The removal of the two Rockwell works from the sale would scuttle the deaccessioning’s raison d’être—raising an estimated $50 million to “pay down existing debt and establish reserve funds for long-term capital maintenance and to mitigate unforeseen events” (in the words of the museum’s press release). “Shuffleton’s Barbershop” and “Blacksmith’s Boy” account for the lion’s share of the anticipated take—some $27-40 million of the $46.55-68.08 million presale estimate range for 36 of the 40 Berkshire Museum consignments. (Four sculptures, including two Calders, do not yet have published estimates.)
When I recently asked spokespersons for the Association of Art Museum Directors and the American Alliance of Museums whether there has been (or will be) any follow-up to their July 25 joint statement deploring the deaccessions, they told me that they were “continuing to encourage the museum to seek other options to their current plan and continue to offer our support in that,” in the works of AAMD’s spokesperson.
Good luck with that. Van Shields, director of the Berkshire Museum, immediately blew off the two professional groups and hasn’t changed his stance since. The implied threat of censure and sanctions looms.
Meanwhile, in the continuing saga of the Berkshire Museum’s isolation from the professional museum community, another door has just closed: In Public Trust Bust—the first of my eight (now nine) posts on the Berkshire Museum fiasco—I foresaw that the museum’s deaccession decision would run afoul of the guidelines for Smithsonian Affiliations, to which the Pittsfield museum then belonged.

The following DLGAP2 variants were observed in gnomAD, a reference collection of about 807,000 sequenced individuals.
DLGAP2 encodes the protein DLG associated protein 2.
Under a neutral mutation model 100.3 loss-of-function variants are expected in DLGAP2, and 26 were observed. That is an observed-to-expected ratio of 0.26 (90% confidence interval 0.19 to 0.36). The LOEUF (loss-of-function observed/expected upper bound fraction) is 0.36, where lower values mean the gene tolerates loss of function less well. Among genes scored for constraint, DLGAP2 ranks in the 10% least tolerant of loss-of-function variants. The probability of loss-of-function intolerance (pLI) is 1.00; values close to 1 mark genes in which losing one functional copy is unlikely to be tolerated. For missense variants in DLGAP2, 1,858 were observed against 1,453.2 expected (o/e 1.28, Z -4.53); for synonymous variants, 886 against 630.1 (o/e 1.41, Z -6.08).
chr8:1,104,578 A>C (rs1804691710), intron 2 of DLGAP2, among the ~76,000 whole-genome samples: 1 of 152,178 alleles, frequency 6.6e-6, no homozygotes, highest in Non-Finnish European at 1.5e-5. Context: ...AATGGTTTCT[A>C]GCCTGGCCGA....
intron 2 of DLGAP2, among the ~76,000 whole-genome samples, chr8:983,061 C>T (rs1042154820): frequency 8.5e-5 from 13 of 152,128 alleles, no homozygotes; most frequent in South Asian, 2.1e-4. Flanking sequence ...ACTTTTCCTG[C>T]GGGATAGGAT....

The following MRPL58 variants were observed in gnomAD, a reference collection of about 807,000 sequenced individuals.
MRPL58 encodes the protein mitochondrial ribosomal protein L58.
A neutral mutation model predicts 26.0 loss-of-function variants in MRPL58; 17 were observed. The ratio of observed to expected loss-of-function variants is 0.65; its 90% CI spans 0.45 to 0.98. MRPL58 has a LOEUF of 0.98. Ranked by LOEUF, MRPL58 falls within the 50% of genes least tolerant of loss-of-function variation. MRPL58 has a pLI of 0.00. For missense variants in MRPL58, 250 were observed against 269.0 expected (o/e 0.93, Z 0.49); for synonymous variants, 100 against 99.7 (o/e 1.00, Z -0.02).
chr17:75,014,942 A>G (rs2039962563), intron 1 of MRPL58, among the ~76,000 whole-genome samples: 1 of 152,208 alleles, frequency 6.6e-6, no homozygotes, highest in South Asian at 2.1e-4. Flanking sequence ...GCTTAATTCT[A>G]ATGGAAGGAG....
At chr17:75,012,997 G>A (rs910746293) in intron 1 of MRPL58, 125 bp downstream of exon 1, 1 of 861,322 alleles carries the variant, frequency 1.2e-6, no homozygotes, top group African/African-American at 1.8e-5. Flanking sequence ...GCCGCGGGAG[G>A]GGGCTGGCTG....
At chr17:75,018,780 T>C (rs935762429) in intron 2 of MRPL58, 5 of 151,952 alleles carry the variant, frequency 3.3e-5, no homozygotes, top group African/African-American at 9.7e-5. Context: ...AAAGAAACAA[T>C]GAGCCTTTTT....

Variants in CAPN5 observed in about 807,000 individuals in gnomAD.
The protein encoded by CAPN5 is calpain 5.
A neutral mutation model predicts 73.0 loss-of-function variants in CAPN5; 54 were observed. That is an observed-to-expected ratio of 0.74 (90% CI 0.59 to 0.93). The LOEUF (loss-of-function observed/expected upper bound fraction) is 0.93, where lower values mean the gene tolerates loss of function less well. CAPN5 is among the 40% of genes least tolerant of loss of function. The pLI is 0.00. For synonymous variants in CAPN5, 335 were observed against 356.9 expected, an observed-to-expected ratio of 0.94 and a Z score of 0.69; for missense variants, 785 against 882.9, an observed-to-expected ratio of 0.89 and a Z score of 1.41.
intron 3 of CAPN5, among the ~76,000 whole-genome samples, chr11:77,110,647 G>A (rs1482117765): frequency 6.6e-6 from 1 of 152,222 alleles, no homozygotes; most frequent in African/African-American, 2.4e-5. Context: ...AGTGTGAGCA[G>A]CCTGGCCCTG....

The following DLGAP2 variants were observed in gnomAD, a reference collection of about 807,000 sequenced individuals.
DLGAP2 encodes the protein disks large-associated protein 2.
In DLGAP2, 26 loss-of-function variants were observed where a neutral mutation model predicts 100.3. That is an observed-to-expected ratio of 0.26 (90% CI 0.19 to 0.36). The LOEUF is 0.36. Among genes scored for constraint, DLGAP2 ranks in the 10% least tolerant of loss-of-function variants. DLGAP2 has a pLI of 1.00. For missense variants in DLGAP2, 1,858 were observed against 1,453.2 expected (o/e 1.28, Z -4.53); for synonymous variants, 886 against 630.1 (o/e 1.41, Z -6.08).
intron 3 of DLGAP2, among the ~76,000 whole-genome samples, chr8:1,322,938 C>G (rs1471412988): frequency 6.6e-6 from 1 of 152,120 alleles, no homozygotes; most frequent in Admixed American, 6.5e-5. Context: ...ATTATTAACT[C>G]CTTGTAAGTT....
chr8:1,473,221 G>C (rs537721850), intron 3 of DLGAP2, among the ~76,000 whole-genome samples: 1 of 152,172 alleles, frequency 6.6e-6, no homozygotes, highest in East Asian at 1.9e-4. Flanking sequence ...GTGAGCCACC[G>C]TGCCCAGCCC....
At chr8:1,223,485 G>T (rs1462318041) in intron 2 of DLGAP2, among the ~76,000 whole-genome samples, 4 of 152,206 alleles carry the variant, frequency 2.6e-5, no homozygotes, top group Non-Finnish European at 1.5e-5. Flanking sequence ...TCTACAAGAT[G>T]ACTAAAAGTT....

Now, as reported yesterday by Amanda Drane of the Berkshire Eagle, “the Berkshire Museum has ended its relationship with the Smithsonian Institution as the result of the museum’s decision this summer to sell off some of its art as a way to bolster its endowment and fund an extensive renovation.”
As I wrote in my initial post, the Smithsonian Affiliations Policy stipulates that “affiliates that maintain collections must do so in a manner that is consistent with applicable law and professional ethics and do not treat their collections as assets for purposes of reporting on their financial statements.”
Here’s the priciest work from the collection that is targeted to be “treated as an asset” at Sotheby’s:
The termination of the Smithsonian partnership will deprive the Berkshire Museum’s visitors of access to that institution’s collections (including loans and traveling exhibitions), educational programming and research. Spark!Lab, which opened in October 2014 and closed two years later, was a Smithsonian-created “hands-on, creative laboratory that engages children and families in the process of innovation,” in the words of the Berkshire Museum’s description.
In anticipation of Spark!Lab’s opening, Lesley Beck, the Berkshire Museum’s director of communications, had said this to Joe Durwin of iBerkshires.com:
Here we are, Berkshire Museum here in Pittsfield, Mass., having these tremendous connections with the Smithsonian. Our affiliation is really blooming into a really strong relationship…
…or maybe not.